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Does America Have too Many Teachers? The Real Question is Whether It has Enough High Quality Principals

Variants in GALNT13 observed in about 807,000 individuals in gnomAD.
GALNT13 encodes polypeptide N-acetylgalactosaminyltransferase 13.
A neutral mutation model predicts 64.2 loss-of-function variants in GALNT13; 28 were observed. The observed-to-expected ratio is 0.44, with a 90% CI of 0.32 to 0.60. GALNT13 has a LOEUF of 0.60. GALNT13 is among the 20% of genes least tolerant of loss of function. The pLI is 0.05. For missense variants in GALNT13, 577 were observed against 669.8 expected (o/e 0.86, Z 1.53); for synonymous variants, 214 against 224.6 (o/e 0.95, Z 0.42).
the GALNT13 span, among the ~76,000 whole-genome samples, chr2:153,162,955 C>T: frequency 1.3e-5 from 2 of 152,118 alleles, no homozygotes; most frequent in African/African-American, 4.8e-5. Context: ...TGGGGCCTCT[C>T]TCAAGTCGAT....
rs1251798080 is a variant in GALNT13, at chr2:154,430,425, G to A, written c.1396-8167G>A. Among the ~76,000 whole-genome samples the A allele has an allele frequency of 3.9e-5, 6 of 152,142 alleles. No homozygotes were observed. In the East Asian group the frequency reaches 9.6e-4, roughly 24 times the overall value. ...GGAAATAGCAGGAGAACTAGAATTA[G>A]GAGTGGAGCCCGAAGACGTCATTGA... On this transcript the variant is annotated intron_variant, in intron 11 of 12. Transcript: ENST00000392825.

Last Tuesday, Andrew Coulson of The Wall Street Journal took a highly unorthodox and controversial stance on America’s economic and public education crises by asserting “America has too many teachers.” In an era of lay-offs and budget cuts, recalls and rhetoric, it came as no surprise that Mr. Coulson’s piece was met with fiercely emotional sentiment, with opinions shaped by the same ideological lines that divide much of the current national discourse. Unfortunately, within this “discourse,” the alarming message of Mr. Coulson’s article – that America’s public schools have shown stagnate or declining student performance for the last four decades – was overlooked. Politics aside, the question of America’s having too many teachers’ raises an interesting and oft overlooked component of education reform: the importance of the principalin impacting student achievement. According to Mr. Coulson, while the “public school workforce has roughly doubled” since 1970, student scores continue to demonstrate a “stagnation in reading and math and a decline in science” and “a large demographic gap exists” between the performance of white and minority students. Combine these dismal facts with graduation rates having “stagnated or fallen” in the past decades and it becomes increasingly difficult to disagree that doubling the public school workforce has done little to turn around America’s failing schools or improve student achievement. It seems we are metaphorically throwing money at a flat tire and expecting it to magically inflate. Americans can only anxiously imagine how these facts will soon impact an already limping economy. If our students are not learning, how will they be able to compete in a global marketplace? Be prepared for college and the workforce? Most importantly, how will America’s most at-risk students be able to live a life of prosperity – as opposed to one of poverty - if our schools are not preparing them for success? Stagnation and decline in student achievement is more than a matter of economic or political concern. When the greatest nation on earth can no longer successfully prepare its students for greatness, it becomes a matter of “principal.” According to new research, principals are second only to teachers in terms of impact on student achievement (Seashore-Louis, et al. 2010), accounting for as much as 25% on a given student’s performance. Principals also affect absences, suspensions, and improving graduation rates (The Center for Public Education, 2012). Data clearly denotes it is both the teacher and the principal that impact student success. Together, they can dramatically raise or lower the life outcome of a student, school and community. Based on these data, it seems the question our nation should be asking is not whether America has hired too many teachers; rather, have our public schools hired the right principals? Even a teacher centric outlook on student achievement would need to consider the importance of school leadership. After all, principals recruit, train, empower and retain teachers. They are tasked with creating a culture of achievement and developing teachers through meaningful professional trainings. Additionally, a principal is employed with retaining effective teachers, while finding ways to release ineffective instructors. A recent study by Beteille, Kalogrides and Loeb found that effective teachers are more likely to leave if a school is led by an ineffective principal and that high quality principals are more likely to recruit effective teachers - a statistic that is especially important when considering our nation’s lowest performing schools and the need for placing the best teachers within them. Countless data and statistics could be utilized to highlight the significance of the principal for student achievement, but when all is said and done, it comes down to one essential element that is lacking from so many of our nation’s schools: leadership. Similar to a football coach or a CEO, a high quality leader at the helm of a school – no matter demographics or socioeconomic status – makes a difference. As a former teacher, the pattern of student achievement and effective principals was clear. Even in a low-performing district, schools led by high-quality individuals, who embodied leadership and held their staff to high expectations, saw significant gains in student achievement. Those schools with incompetent principals and incapable leaders saw stagnation and decline in their students. The answer to Mr. Coulson’s question, “does America have too many teachers,” remains unclear. What is obvious is that America needs more quality principals and discourse on this topic needs to consider how we recruit, train, retain, develop and provide the conditions necessary for success, for our school leaders. Patrick Kobler Program Coordinator for The Alliance to Reform Education Leadership (AREL) at the George W. Bush Institute. Patrick is a Teach For America alumnus and former student body president of Southern Methodist University.